Sylvie is one of my favorite people in the world, and when she disappeared from the Mansion a few weeks ago and went to a nursing home, I was prepared for her to never return.
Most of the time, when people go to nursing homes, they don’t return, and as a volunteer, I am not authorized to know anything about their medical conditions, and I don’t ask.
In assisted care facilities, government Hippa (privacy) rules are often used to keep the elderly voiceless, a major reason they are often forgotten and invisible to the outside world. I think we have proven the folly of thinking that privacy – something not especially important to them – trumps voice and recognition.
I visited Sylvie twice in her nursing home in Argyle, N.Y., she was unable to walk either time. The physical therapists were optimistic about a recovery – they are, by nature, optimistic – but I doubted she would return.
This morning, when I showed up in the dining room to teach my weekly meditation class, Sylvie was sitting waiting for me as she usually does.
“Hey, Sylvie!” I shouted, delighted and relieved. “Jon,” she said without preamble, “I need envelopes and stamps.”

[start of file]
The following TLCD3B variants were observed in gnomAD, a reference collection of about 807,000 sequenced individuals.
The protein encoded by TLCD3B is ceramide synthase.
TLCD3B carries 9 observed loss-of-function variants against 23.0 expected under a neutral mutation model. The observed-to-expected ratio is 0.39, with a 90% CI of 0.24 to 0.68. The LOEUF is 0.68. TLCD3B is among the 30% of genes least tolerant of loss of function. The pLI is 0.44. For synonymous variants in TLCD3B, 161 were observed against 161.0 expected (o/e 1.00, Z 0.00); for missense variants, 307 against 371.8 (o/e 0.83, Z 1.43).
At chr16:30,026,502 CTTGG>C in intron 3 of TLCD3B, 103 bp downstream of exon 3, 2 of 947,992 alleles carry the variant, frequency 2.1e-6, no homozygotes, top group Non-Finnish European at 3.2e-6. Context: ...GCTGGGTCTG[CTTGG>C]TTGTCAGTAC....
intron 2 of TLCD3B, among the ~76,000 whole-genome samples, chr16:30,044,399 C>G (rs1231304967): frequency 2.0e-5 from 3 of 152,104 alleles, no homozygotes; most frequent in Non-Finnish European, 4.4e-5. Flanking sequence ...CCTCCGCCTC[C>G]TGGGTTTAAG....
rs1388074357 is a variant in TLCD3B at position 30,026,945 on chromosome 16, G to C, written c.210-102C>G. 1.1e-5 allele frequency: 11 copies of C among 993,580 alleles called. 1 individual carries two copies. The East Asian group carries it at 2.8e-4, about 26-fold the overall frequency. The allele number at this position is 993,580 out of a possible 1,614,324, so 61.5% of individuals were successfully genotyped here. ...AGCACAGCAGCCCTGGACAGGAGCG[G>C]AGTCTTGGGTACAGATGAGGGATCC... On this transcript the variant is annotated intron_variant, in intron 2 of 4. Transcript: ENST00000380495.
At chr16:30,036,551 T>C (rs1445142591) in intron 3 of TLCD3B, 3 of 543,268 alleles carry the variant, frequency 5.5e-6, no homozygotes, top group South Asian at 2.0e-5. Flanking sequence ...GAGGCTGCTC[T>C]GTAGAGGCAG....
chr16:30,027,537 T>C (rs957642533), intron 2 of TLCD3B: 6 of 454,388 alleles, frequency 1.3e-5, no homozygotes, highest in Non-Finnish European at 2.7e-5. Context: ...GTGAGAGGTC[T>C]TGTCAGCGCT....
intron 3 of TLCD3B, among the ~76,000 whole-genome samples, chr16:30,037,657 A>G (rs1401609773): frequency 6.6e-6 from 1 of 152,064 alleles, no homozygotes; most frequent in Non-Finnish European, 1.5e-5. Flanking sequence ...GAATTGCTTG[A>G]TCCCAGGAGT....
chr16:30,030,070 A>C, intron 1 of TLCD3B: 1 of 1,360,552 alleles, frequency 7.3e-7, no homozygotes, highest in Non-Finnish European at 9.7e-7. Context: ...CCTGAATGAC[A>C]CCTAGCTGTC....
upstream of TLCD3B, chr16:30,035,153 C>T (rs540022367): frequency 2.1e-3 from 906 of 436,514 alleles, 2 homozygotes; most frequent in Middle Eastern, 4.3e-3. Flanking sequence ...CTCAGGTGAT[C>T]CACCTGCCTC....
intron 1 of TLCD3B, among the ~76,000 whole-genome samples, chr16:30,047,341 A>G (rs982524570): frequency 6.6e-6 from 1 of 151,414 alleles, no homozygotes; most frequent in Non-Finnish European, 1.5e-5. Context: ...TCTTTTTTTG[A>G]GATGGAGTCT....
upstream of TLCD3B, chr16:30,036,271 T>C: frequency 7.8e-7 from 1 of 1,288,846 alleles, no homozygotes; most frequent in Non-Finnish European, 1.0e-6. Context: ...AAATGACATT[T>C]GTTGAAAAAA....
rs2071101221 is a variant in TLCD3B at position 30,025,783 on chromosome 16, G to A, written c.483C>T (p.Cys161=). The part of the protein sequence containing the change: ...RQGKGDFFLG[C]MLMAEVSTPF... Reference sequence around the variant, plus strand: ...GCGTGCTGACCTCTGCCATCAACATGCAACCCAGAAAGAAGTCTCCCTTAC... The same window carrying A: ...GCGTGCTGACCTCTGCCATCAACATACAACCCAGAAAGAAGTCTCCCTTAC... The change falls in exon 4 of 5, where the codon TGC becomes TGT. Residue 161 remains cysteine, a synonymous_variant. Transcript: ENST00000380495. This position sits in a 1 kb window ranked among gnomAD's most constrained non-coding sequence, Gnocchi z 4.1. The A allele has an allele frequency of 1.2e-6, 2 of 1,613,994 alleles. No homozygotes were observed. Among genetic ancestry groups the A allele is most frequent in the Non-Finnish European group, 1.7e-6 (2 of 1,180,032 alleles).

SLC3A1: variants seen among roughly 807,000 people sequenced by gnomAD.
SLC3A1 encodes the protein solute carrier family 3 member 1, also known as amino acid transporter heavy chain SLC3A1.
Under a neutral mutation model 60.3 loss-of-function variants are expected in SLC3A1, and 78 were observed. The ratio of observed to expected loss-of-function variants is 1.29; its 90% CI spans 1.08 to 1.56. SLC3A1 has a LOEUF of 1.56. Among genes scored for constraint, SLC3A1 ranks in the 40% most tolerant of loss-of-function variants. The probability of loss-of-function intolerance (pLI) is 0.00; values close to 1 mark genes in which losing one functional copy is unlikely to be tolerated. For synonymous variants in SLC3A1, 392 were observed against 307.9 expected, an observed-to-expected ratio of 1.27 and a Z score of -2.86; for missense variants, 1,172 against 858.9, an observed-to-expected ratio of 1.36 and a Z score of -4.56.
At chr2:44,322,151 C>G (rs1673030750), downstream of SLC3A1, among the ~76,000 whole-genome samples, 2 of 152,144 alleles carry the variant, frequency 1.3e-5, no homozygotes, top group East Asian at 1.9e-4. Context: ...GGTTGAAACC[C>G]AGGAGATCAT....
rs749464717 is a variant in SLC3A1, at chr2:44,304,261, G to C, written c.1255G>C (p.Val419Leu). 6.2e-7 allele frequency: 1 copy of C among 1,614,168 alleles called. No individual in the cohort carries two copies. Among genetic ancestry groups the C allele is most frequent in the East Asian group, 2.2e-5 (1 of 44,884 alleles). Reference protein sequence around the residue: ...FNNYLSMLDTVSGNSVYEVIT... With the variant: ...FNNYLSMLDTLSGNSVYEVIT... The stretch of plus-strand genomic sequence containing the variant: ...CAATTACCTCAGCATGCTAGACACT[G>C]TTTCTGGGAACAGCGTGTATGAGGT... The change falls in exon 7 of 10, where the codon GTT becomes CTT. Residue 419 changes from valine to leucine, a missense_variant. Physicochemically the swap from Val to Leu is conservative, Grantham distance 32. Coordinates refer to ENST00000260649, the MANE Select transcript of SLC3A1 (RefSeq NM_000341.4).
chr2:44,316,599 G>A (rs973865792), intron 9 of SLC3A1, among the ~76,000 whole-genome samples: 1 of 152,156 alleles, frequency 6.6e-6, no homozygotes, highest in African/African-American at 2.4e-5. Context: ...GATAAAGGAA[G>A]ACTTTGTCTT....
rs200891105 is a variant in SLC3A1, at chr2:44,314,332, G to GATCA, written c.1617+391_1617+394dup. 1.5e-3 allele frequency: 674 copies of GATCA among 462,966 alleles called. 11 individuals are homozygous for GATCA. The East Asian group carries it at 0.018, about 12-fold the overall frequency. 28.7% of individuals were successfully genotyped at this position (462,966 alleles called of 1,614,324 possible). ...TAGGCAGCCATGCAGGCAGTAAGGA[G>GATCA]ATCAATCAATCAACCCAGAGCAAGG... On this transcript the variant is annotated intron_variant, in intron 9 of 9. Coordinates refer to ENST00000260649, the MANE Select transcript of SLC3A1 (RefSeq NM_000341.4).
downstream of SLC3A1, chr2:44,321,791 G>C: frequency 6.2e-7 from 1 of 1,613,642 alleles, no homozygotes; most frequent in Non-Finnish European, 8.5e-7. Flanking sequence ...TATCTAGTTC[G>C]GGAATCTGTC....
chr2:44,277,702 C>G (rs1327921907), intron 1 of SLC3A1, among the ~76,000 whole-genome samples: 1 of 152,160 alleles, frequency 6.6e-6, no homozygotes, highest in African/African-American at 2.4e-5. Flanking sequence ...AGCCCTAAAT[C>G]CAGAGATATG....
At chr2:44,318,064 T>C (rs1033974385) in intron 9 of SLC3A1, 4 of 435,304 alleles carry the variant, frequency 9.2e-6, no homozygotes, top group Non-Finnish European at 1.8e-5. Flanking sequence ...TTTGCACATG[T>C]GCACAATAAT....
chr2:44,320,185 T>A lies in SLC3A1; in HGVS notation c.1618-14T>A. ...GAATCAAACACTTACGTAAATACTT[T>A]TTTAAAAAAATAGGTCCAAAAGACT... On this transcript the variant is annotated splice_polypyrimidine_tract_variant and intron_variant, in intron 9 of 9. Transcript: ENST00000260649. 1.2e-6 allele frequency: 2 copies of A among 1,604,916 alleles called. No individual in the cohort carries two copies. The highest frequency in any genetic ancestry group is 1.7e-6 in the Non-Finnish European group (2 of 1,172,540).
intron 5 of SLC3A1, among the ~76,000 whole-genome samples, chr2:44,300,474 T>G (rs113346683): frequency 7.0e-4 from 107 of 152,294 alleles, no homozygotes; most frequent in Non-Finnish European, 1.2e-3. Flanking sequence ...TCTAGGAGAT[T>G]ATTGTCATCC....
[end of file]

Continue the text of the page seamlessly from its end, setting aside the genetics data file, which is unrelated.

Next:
When I visited Sylvie in the nursing home, she asked me to go into her room and look for stamps and envelopes. I’ve given her enough of both to keep an army busy writing letters.
I asked her this morning if I could look again, and she said yes. I went into her room with an aide and she opened a dresser drawer. There were a lot of stamps and envelopes. I gave some to Sylvie and took the rest home. I’ll parcel them out to her as she needs them.
I rarely go to nursing homes to see former Mansion patients. I keep my work focused, I don’t want to burn out, a great danger to this work.
The hardest thing about my volunteer work in the Mansion is that people I come to know and love vanish suddenly, and without warning or explanation. Most don’t come back, ever. The life span in nursing homes is not long, they are very different from assisted care. At the Mansion, people who can get themselves around seem to live a very long time, the place is like that.
I was very happy to see Sylvie. “I missed you, Jon, the physical therapists were very good to me. I need some file folders for my work..”
Okay, Sylvie, I said, I’ll get you some. “Glad you are back, ” I said, “I hope you behaved yourself.” Sylvie didn’t skip a beat, she winked at me and smiled.
She loves letters, and has plenty of stamps and envelopes. You can write to her at the Mansion: Sylvie, c/o The Mansion, 11 S. Union Avenue, Cambridge, N.Y., 12816.